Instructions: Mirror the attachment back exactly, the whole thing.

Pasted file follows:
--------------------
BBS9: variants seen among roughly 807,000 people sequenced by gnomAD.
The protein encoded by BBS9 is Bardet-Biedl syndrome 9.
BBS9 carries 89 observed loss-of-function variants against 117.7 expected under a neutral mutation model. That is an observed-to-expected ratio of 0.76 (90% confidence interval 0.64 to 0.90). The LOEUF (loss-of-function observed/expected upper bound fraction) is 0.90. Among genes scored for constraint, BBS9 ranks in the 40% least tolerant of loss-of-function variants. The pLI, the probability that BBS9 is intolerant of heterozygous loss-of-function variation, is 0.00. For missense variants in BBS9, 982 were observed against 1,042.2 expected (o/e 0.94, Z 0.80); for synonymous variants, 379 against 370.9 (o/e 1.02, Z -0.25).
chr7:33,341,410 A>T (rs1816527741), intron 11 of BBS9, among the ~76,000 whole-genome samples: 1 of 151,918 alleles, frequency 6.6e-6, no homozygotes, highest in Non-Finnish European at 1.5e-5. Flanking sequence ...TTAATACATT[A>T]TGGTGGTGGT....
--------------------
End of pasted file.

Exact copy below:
BBS9: variants seen among roughly 807,000 people sequenced by gnomAD.
The protein encoded by BBS9 is Bardet-Biedl syndrome 9.
BBS9 carries 89 observed loss-of-function variants against 117.7 expected under a neutral mutation model. That is an observed-to-expected ratio of 0.76 (90% confidence interval 0.64 to 0.90). The LOEUF (loss-of-function observed/expected upper bound fraction) is 0.90. Among genes scored for constraint, BBS9 ranks in the 40% least tolerant of loss-of-function variants. The pLI, the probability that BBS9 is intolerant of heterozygous loss-of-function variation, is 0.00. For missense variants in BBS9, 982 were observed against 1,042.2 expected (o/e 0.94, Z 0.80); for synonymous variants, 379 against 370.9 (o/e 1.02, Z -0.25).
chr7:33,341,410 A>T (rs1816527741), intron 11 of BBS9, among the ~76,000 whole-genome samples: 1 of 151,918 alleles, frequency 6.6e-6, no homozygotes, highest in Non-Finnish European at 1.5e-5. Flanking sequence ...TTAATACATT[A>T]TGGTGGTGGT....